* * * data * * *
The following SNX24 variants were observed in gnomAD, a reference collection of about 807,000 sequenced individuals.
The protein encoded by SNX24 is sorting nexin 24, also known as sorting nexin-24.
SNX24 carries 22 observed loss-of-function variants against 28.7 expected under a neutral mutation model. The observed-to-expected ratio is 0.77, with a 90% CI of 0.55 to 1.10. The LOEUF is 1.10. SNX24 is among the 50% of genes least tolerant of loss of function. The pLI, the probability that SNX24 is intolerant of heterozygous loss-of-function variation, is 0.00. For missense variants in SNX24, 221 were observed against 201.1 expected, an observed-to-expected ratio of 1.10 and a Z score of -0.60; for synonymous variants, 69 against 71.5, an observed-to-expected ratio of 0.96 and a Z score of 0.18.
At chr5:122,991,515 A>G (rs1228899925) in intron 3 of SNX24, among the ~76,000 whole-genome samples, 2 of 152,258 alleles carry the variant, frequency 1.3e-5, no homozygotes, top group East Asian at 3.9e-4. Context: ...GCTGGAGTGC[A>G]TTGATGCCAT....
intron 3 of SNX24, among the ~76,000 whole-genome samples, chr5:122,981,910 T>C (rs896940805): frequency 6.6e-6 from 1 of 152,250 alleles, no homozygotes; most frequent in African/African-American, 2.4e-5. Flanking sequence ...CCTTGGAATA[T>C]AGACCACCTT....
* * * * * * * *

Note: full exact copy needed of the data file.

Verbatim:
The following SNX24 variants were observed in gnomAD, a reference collection of about 807,000 sequenced individuals.
The protein encoded by SNX24 is sorting nexin 24, also known as sorting nexin-24.
SNX24 carries 22 observed loss-of-function variants against 28.7 expected under a neutral mutation model. The observed-to-expected ratio is 0.77, with a 90% CI of 0.55 to 1.10. The LOEUF is 1.10. SNX24 is among the 50% of genes least tolerant of loss of function. The pLI, the probability that SNX24 is intolerant of heterozygous loss-of-function variation, is 0.00. For missense variants in SNX24, 221 were observed against 201.1 expected, an observed-to-expected ratio of 1.10 and a Z score of -0.60; for synonymous variants, 69 against 71.5, an observed-to-expected ratio of 0.96 and a Z score of 0.18.
At chr5:122,991,515 A>G (rs1228899925) in intron 3 of SNX24, among the ~76,000 whole-genome samples, 2 of 152,258 alleles carry the variant, frequency 1.3e-5, no homozygotes, top group East Asian at 3.9e-4. Context: ...GCTGGAGTGC[A>G]TTGATGCCAT....
intron 3 of SNX24, among the ~76,000 whole-genome samples, chr5:122,981,910 T>C (rs896940805): frequency 6.6e-6 from 1 of 152,250 alleles, no homozygotes; most frequent in African/African-American, 2.4e-5. Flanking sequence ...CCTTGGAATA[T>C]AGACCACCTT....